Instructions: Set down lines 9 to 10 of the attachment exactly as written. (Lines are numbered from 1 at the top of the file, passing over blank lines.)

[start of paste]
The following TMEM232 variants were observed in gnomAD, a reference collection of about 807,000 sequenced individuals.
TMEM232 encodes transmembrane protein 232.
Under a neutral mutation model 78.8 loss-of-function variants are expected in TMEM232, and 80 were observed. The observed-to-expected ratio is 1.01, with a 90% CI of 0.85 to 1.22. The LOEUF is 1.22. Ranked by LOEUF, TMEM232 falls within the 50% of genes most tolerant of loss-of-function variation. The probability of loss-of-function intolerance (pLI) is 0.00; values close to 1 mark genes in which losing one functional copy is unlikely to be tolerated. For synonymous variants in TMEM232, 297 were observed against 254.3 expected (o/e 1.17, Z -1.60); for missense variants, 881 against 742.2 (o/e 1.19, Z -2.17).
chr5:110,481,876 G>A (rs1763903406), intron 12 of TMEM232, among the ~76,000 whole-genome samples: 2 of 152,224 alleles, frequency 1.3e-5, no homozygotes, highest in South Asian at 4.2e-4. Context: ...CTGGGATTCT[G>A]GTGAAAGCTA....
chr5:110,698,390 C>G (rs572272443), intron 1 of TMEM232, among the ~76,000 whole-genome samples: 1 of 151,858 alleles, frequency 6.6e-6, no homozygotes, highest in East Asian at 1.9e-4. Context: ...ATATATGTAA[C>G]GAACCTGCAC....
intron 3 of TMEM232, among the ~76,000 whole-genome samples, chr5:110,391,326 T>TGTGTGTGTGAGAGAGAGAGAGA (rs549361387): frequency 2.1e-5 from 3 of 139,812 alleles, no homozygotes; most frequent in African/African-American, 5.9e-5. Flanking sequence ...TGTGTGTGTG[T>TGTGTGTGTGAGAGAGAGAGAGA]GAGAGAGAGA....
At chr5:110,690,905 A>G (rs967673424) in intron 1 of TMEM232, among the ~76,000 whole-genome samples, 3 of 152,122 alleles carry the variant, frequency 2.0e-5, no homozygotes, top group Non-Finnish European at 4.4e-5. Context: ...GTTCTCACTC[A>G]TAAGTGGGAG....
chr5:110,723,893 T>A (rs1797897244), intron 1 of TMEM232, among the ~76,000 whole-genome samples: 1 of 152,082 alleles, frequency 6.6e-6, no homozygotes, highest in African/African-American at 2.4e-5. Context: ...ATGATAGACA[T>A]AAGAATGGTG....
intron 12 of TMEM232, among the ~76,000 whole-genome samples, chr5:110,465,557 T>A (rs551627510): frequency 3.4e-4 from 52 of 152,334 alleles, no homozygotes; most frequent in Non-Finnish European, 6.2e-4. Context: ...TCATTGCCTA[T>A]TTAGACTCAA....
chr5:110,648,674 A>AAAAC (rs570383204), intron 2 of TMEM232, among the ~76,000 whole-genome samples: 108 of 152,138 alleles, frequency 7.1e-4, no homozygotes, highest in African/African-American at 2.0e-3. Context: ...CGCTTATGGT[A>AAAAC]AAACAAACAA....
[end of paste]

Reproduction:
intron 12 of TMEM232, among the ~76,000 whole-genome samples, chr5:110,465,557 T>A (rs551627510): frequency 3.4e-4 from 52 of 152,334 alleles, no homozygotes; most frequent in Non-Finnish European, 6.2e-4. Context: ...TCATTGCCTA[T>A]TTAGACTCAA....
chr5:110,648,674 A>AAAAC (rs570383204), intron 2 of TMEM232, among the ~76,000 whole-genome samples: 108 of 152,138 alleles, frequency 7.1e-4, no homozygotes, highest in African/African-American at 2.0e-3. Context: ...CGCTTATGGT[A>AAAAC]AAACAAACAA....